Thursday, January 31, 2013

Mali and the War On Terrorism

Jihadists, Islamic extremists, Islamic fundamentalists, or whatever label you want to apply to them, are again headline news due to increased activity, this time in northern Mali where French troops, with the help of Malian troops, have been given the unenvious task of liberating towns from Al-Qaeda occupation. As each town falls to French forces we learn of the brutality handed out by these terrorists to the native populations, particularly the black residents, where torture and murder seems to have been used not just to keep order, but in a self-righteous sadistic manner synonymous with Al-Qaeda.

Whether or not you think European involvement is the correct course of action, there is little doubting the possible threat to peace these terrorists could cause, not just to the region but, the world as a whole. Having said that, as always happens, the only thought is how to eliminate the threat and there is no discussion on why this threat exists in the first place. Why is it that these Islamic extremist groups seem to have an endless pool of enthusiastic recruits that are frothing at the mouth at the thought of carrying out such despicable acts, particularly in regards to the West and their supporters? Why is there so much hate and resentment aimed at the West? The main stream media finds the answer to these questions too uncomfortable so chooses not to ask them.

Mali, like many other African and Middle Eastern countries, all have two relevant common characteristics: They are oil producers and they have mass poverty. Then there is a third factor that comes into play: Many of them have corrupt governments that allow Western multinationals to make ridiculously large profits from their oil reserves. How must this look to the native populations? Often living in dire poverty, lacking food, water, housing, employment, eduction, and probably most importantly – hope, it's enough to turn anyone bitter. They have practically nothing, yet through stealing their natural resources Western multinationals turn over huge profits. It's not hard to see the link between terrorism, poverty and the theft of resources.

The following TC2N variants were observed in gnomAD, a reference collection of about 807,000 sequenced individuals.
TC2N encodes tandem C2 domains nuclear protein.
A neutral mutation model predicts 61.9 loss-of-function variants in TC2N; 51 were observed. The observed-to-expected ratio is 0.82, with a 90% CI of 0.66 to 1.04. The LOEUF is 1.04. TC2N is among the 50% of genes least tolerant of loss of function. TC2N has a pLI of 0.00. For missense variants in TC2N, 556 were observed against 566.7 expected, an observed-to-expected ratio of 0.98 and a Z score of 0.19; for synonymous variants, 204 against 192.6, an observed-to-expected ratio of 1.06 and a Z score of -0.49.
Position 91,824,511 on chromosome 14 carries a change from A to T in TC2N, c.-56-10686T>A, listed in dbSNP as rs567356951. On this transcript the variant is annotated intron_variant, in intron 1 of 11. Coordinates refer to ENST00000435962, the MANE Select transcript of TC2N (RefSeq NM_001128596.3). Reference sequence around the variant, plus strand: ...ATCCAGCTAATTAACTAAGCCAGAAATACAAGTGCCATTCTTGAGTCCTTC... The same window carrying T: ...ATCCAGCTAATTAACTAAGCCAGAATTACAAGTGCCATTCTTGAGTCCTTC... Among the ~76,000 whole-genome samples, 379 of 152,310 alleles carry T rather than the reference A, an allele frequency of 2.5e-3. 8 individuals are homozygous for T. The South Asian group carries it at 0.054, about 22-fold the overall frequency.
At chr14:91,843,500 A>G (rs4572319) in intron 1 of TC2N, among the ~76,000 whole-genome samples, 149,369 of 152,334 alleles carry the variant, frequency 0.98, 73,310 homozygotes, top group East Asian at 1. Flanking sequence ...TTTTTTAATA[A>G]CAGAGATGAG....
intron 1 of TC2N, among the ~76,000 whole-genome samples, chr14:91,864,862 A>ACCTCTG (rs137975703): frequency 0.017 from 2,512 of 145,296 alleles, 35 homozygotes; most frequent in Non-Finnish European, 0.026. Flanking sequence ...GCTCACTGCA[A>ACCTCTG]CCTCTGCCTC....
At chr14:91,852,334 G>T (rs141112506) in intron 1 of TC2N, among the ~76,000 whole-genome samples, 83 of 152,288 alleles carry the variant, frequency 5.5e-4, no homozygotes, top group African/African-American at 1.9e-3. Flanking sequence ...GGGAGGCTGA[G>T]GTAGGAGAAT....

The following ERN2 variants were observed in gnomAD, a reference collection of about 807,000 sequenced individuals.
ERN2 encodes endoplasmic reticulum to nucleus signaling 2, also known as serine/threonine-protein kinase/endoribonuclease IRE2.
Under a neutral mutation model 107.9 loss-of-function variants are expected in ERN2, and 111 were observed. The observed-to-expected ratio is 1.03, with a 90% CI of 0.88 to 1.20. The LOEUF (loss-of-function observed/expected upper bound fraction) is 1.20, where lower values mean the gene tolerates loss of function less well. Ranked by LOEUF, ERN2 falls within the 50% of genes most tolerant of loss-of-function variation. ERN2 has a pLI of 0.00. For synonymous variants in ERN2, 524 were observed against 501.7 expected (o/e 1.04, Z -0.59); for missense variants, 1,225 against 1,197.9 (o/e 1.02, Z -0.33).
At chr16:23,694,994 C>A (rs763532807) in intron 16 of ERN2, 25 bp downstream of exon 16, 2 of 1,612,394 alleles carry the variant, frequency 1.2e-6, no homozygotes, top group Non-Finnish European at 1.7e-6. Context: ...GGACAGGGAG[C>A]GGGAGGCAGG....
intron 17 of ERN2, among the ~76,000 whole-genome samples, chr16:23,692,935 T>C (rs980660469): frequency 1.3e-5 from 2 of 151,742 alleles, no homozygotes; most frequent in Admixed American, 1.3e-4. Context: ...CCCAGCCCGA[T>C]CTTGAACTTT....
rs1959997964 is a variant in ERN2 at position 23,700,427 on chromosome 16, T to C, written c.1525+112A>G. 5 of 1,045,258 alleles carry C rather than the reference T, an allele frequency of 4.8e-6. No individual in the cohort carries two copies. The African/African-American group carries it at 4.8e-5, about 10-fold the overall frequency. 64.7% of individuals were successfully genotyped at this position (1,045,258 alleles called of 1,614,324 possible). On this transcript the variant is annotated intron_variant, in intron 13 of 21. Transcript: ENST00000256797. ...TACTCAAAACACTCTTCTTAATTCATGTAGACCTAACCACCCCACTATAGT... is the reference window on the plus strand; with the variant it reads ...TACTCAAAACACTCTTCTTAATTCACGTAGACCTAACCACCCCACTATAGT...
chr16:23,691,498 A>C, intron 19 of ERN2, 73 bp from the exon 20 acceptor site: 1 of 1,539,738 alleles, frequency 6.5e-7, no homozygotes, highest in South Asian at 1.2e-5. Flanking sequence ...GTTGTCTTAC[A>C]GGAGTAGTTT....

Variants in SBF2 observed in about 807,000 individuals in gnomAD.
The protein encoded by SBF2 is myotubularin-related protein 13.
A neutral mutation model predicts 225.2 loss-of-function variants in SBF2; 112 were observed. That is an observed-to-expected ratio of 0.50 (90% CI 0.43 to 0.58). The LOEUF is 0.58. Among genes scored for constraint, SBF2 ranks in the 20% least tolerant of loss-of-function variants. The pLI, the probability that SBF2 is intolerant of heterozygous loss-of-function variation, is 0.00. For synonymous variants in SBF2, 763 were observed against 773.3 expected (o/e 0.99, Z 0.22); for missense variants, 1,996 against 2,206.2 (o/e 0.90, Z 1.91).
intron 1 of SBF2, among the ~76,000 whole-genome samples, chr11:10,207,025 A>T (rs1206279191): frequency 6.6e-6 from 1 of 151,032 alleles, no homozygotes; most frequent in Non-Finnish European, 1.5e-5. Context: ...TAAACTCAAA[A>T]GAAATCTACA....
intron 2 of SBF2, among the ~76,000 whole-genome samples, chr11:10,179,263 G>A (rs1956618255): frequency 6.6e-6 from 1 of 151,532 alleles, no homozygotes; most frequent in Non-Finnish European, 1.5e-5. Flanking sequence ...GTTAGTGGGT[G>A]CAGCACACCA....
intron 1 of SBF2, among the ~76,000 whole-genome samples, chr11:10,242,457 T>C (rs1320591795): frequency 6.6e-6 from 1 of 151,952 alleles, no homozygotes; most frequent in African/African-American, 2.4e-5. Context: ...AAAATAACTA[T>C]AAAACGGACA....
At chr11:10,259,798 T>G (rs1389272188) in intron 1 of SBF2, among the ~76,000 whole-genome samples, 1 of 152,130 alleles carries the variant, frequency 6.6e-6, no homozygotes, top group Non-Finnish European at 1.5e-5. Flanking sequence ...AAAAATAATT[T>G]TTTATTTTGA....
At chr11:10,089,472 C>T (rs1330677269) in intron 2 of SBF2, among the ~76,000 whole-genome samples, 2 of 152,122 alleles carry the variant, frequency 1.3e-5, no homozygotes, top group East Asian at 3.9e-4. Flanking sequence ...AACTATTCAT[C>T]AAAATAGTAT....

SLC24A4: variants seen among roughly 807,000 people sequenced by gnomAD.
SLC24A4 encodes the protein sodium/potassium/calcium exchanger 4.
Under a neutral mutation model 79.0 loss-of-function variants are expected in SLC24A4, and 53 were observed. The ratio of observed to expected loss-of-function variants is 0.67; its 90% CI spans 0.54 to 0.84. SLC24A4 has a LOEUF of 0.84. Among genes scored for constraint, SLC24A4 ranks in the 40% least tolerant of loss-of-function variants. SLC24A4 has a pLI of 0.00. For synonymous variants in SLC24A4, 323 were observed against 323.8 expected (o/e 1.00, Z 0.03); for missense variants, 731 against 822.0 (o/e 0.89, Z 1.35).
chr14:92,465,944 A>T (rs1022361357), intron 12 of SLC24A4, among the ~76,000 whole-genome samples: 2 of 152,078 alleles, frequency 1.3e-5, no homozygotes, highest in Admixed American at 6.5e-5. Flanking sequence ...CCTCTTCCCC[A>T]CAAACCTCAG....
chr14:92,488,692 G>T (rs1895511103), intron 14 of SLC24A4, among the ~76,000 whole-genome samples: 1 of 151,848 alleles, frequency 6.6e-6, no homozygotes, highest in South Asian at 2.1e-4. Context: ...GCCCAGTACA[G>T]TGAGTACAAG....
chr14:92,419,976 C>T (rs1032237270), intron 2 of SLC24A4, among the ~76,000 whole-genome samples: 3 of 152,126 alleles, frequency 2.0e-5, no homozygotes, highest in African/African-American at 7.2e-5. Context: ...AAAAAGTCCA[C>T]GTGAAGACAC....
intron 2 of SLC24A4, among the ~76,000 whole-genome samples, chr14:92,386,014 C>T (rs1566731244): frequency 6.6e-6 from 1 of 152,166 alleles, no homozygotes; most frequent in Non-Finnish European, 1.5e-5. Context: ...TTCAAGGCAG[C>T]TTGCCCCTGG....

If we want to reduce terrorism we have three options, along side the use of force. One, stop profiting from other countries resources, which I think we can all agree is unlikely to happen. Two, eradicate or reduce poverty in those countries. Three, continue to exploit their resources but use a fair amount of the profit to fight poverty in their respective countries by funding housing, education, infrastructure etc. If we ignore these options, and I'm sure we will, global terrorism will not go away.    

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